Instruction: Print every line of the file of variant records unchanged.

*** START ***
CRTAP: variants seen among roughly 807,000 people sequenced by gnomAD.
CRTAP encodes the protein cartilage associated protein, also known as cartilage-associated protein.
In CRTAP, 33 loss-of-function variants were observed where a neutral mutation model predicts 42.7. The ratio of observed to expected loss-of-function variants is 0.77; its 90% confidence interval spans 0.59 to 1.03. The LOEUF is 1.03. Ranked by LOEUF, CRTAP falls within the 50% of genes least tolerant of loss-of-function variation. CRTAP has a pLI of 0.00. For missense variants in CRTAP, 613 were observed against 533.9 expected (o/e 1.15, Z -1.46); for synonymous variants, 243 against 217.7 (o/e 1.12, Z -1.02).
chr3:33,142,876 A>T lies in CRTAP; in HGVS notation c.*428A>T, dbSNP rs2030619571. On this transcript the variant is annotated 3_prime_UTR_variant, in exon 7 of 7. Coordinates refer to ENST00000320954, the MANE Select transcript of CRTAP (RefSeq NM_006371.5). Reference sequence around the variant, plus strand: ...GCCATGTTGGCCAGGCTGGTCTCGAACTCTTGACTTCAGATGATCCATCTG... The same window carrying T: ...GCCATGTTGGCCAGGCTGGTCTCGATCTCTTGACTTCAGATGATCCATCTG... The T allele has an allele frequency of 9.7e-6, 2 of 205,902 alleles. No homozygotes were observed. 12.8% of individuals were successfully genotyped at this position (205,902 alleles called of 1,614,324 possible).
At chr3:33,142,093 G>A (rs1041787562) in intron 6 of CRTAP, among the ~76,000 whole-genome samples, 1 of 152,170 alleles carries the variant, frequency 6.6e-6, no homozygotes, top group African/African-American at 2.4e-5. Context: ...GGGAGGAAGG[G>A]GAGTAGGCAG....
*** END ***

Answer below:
CRTAP: variants seen among roughly 807,000 people sequenced by gnomAD.
CRTAP encodes the protein cartilage associated protein, also known as cartilage-associated protein.
In CRTAP, 33 loss-of-function variants were observed where a neutral mutation model predicts 42.7. The ratio of observed to expected loss-of-function variants is 0.77; its 90% confidence interval spans 0.59 to 1.03. The LOEUF is 1.03. Ranked by LOEUF, CRTAP falls within the 50% of genes least tolerant of loss-of-function variation. CRTAP has a pLI of 0.00. For missense variants in CRTAP, 613 were observed against 533.9 expected (o/e 1.15, Z -1.46); for synonymous variants, 243 against 217.7 (o/e 1.12, Z -1.02).
chr3:33,142,876 A>T lies in CRTAP; in HGVS notation c.*428A>T, dbSNP rs2030619571. On this transcript the variant is annotated 3_prime_UTR_variant, in exon 7 of 7. Coordinates refer to ENST00000320954, the MANE Select transcript of CRTAP (RefSeq NM_006371.5). Reference sequence around the variant, plus strand: ...GCCATGTTGGCCAGGCTGGTCTCGAACTCTTGACTTCAGATGATCCATCTG... The same window carrying T: ...GCCATGTTGGCCAGGCTGGTCTCGATCTCTTGACTTCAGATGATCCATCTG... The T allele has an allele frequency of 9.7e-6, 2 of 205,902 alleles. No homozygotes were observed. 12.8% of individuals were successfully genotyped at this position (205,902 alleles called of 1,614,324 possible).
At chr3:33,142,093 G>A (rs1041787562) in intron 6 of CRTAP, among the ~76,000 whole-genome samples, 1 of 152,170 alleles carries the variant, frequency 6.6e-6, no homozygotes, top group African/African-American at 2.4e-5. Context: ...GGGAGGAAGG[G>A]GAGTAGGCAG....